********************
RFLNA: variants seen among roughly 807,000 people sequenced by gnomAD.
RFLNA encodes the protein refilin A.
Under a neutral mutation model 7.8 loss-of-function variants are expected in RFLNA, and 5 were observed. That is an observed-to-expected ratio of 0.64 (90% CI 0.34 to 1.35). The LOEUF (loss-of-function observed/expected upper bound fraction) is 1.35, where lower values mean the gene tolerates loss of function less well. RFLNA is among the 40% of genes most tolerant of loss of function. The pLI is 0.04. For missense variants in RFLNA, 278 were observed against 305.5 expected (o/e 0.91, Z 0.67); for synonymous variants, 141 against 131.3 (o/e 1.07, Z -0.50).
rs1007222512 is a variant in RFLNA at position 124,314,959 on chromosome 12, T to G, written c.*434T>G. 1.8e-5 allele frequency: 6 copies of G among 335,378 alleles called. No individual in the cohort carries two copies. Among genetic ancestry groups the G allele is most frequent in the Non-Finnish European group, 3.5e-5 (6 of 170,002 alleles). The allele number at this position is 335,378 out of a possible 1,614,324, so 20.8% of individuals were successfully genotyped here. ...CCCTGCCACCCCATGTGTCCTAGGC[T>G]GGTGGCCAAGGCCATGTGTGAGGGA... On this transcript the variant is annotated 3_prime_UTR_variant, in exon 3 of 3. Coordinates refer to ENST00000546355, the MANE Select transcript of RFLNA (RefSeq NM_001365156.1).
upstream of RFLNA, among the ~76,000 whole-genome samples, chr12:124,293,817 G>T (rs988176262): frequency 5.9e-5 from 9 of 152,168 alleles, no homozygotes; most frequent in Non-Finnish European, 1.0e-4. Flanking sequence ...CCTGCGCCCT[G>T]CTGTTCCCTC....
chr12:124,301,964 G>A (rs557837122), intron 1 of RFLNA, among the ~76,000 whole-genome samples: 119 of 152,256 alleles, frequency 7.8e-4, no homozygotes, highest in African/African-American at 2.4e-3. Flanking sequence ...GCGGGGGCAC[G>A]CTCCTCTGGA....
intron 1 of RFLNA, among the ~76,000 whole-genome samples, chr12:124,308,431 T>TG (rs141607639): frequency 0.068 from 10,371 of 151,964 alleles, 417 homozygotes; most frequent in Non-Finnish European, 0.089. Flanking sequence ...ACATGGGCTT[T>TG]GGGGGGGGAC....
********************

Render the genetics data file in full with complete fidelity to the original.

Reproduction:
RFLNA: variants seen among roughly 807,000 people sequenced by gnomAD.
RFLNA encodes the protein refilin A.
Under a neutral mutation model 7.8 loss-of-function variants are expected in RFLNA, and 5 were observed. That is an observed-to-expected ratio of 0.64 (90% CI 0.34 to 1.35). The LOEUF (loss-of-function observed/expected upper bound fraction) is 1.35, where lower values mean the gene tolerates loss of function less well. RFLNA is among the 40% of genes most tolerant of loss of function. The pLI is 0.04. For missense variants in RFLNA, 278 were observed against 305.5 expected (o/e 0.91, Z 0.67); for synonymous variants, 141 against 131.3 (o/e 1.07, Z -0.50).
rs1007222512 is a variant in RFLNA at position 124,314,959 on chromosome 12, T to G, written c.*434T>G. 1.8e-5 allele frequency: 6 copies of G among 335,378 alleles called. No individual in the cohort carries two copies. Among genetic ancestry groups the G allele is most frequent in the Non-Finnish European group, 3.5e-5 (6 of 170,002 alleles). The allele number at this position is 335,378 out of a possible 1,614,324, so 20.8% of individuals were successfully genotyped here. ...CCCTGCCACCCCATGTGTCCTAGGC[T>G]GGTGGCCAAGGCCATGTGTGAGGGA... On this transcript the variant is annotated 3_prime_UTR_variant, in exon 3 of 3. Coordinates refer to ENST00000546355, the MANE Select transcript of RFLNA (RefSeq NM_001365156.1).
upstream of RFLNA, among the ~76,000 whole-genome samples, chr12:124,293,817 G>T (rs988176262): frequency 5.9e-5 from 9 of 152,168 alleles, no homozygotes; most frequent in Non-Finnish European, 1.0e-4. Flanking sequence ...CCTGCGCCCT[G>T]CTGTTCCCTC....
chr12:124,301,964 G>A (rs557837122), intron 1 of RFLNA, among the ~76,000 whole-genome samples: 119 of 152,256 alleles, frequency 7.8e-4, no homozygotes, highest in African/African-American at 2.4e-3. Flanking sequence ...GCGGGGGCAC[G>A]CTCCTCTGGA....
intron 1 of RFLNA, among the ~76,000 whole-genome samples, chr12:124,308,431 T>TG (rs141607639): frequency 0.068 from 10,371 of 151,964 alleles, 417 homozygotes; most frequent in Non-Finnish European, 0.089. Flanking sequence ...ACATGGGCTT[T>TG]GGGGGGGGAC....